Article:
The show features walls in its centre, which form intersecting panels throughout the exhibition, and I wonder why Berger and her collaborators chose to make them. As Berger explains, it’s all about playful connection. “The starting point was an idea by Antonio Xoubanova and a reference to Italian designer Enzo Mari, author of The Fable Game,” she says. “It is a children’s book which features cards that you can take out of the book and mix in different ways. So you play by creating infinite story combinations. That was our inspiration.”
Plus, she adds, this design also reflects the way the Blank Paper members and their fellow travellers work. “After all these years, they keep showing their images to each other and commenting on the direction their project is going,” says Berger. “Even if Blank Paper photographers mainly work on an individual projects, there are always traces of the collective in each work, precisely because of the way they share their ongoing projects…We have chosen to show images at different heights in the murals to allow visitors to realise the influences that are played out.”
Even so, as Berger points out, each photographer has a distinctive style, and that’s also made clear in this exhibition. “Ten years ago, you could hear talk of a ‘Blank Paper style’,” she says, “but this show is also a vindication of each photographer’s personal signature and visual language.”
The exhibition also includes some interesting new directions for a school formerly known for its photobook output – Michele Tagliaferri is showing video projections in his section, for example, alongside with frames extracted from the 4K footage, in a bid to “reinforce the contrast between the moving and the still image”. Another video projection by Julián Barón features “a recorded street performance in Lima (Perú) related to his Memorial project, which mixes workshops, the Yuyachkani theatre ensemble, conflict archives and image dissemination on public walls”.
Alejandro Marote is showing work rooted in his A series, which he made some time ago – his current project is based on the archive of images he produced during a five-year span, explains Berger. “Once he thought he had completed a body of work, he stopped adding new images and he is now revisiting that series. This involves starting from the original negative and creating a photo-based piece with different materials, such as wood.”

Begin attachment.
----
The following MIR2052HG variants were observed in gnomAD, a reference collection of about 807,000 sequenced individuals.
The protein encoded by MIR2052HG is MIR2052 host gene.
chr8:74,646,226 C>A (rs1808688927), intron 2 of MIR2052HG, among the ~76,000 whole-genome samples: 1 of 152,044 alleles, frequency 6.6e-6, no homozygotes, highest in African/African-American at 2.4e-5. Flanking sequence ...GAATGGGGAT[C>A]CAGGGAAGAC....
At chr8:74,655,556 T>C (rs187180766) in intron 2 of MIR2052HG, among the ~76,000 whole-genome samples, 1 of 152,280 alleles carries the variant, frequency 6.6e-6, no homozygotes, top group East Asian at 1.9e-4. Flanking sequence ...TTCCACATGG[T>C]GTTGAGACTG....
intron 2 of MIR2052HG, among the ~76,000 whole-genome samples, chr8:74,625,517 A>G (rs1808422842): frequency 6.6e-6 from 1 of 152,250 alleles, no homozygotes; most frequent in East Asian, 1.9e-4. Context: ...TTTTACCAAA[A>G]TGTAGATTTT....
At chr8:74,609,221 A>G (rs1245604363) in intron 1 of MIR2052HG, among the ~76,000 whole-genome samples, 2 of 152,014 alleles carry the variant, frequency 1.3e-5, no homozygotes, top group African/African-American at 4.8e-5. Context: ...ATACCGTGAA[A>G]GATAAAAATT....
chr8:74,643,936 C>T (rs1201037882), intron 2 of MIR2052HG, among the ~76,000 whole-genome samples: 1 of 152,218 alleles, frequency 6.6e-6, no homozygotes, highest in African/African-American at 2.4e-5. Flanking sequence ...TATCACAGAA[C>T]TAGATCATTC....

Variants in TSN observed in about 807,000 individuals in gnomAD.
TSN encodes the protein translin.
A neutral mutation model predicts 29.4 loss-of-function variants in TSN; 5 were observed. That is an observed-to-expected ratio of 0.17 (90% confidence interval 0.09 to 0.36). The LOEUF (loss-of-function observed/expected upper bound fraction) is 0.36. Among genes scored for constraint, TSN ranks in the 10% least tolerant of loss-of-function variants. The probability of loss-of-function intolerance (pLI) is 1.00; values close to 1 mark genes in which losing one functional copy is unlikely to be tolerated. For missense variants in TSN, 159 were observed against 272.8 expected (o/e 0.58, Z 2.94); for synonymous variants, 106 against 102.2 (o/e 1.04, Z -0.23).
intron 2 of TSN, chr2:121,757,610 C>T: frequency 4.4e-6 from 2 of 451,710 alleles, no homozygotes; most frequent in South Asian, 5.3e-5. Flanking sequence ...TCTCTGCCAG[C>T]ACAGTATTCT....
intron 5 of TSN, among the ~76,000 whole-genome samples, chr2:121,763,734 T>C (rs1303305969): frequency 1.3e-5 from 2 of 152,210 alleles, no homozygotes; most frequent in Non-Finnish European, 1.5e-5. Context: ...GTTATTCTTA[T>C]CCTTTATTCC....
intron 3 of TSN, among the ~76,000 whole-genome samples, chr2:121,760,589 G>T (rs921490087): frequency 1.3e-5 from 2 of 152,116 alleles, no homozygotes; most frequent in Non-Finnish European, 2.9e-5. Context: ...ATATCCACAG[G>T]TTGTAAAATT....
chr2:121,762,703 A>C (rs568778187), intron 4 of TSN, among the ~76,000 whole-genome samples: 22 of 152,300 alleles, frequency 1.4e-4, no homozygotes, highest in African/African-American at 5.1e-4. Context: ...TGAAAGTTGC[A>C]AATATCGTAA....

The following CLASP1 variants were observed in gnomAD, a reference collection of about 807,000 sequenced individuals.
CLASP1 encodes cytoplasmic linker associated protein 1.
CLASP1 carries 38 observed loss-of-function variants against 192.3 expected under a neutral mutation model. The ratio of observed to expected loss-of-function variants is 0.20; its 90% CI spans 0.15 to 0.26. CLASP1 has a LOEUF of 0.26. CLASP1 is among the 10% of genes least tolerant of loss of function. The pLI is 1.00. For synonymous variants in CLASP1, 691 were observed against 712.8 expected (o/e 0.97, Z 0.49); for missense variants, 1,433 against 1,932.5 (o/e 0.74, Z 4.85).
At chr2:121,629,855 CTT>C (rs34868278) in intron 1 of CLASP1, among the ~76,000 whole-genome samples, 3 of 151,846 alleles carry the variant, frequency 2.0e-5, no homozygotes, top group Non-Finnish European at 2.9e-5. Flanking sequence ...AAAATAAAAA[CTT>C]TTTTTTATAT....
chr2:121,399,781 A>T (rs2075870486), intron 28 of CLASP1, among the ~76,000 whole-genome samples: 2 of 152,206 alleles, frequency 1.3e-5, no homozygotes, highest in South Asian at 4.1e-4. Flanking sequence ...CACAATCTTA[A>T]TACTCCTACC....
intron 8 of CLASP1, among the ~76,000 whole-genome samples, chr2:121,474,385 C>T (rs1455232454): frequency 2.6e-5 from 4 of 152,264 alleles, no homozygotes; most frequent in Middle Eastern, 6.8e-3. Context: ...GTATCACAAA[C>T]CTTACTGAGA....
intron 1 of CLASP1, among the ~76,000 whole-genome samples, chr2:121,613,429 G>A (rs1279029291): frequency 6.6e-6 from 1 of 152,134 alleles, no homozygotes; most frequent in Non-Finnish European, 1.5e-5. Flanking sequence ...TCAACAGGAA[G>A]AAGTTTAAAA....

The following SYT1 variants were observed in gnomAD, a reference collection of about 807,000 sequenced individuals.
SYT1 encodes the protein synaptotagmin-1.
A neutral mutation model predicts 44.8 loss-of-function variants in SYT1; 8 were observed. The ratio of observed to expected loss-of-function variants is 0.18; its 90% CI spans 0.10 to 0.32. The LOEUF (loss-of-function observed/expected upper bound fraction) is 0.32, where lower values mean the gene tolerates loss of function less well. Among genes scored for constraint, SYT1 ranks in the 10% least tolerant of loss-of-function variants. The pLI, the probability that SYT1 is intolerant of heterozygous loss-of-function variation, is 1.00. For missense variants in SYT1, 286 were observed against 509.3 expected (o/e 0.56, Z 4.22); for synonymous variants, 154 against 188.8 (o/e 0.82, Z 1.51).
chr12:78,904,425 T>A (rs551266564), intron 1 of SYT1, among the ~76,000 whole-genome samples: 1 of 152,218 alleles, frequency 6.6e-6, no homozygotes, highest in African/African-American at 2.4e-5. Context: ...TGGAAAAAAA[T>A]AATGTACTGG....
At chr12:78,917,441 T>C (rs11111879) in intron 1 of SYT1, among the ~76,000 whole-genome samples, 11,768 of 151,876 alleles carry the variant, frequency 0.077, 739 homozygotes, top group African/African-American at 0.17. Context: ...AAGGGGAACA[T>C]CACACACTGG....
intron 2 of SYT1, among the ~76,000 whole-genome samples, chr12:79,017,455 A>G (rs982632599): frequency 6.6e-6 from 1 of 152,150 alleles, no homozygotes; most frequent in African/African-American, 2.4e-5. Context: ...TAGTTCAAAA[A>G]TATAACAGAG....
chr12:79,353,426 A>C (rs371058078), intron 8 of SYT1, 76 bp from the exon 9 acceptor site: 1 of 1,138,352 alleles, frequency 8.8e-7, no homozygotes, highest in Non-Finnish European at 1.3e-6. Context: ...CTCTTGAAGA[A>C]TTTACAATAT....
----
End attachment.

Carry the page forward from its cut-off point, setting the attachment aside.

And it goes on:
Given the collective nature of the Blank Paper endeavour and the show, it’s tempting to try to tease out underlying themes – we find isolation, naturalistic as well as abstract images, and a sort of poetic anthropology at play; the visual treatment suggests a form of alienation in urban scenes and also a microscopic, or microeconomic, view of the surroundings. “It would be hard to establish a line of interpretation,” says Berger.
“In general, you can see the human condition and the difficulties that a person has when connecting with his peers and relating to the world. You see the faults in society and the lack of a horizon to look up to.”
“From an emotional point of view, these projects are not difficult to connect with, but they are demanding,” Berger continues. “One thing they have in common is that they reflect everyday life, not by necessarily unveiling a previously unknown reality, but by presenting environments, elements, sensations that we identify as familiar, but from a novel perspective. And the resulting narrative sounds familiar and is demanding at the same time.
It’s an exciting, heavyweight endeavour, and you might hope the exhibition would be seen in Madrid, where the Blank Paper collective and school were founded. Sadly it hasn’t found a venue so far. Instead the exhibition will travel to China, as part of a selection of this year’s Rencontres d’Arles, and then to the Centre de la Virreina in Barcelona, which co-produced the show, in Barcelona. Berger hopes an exhibition catalogue will be published by then.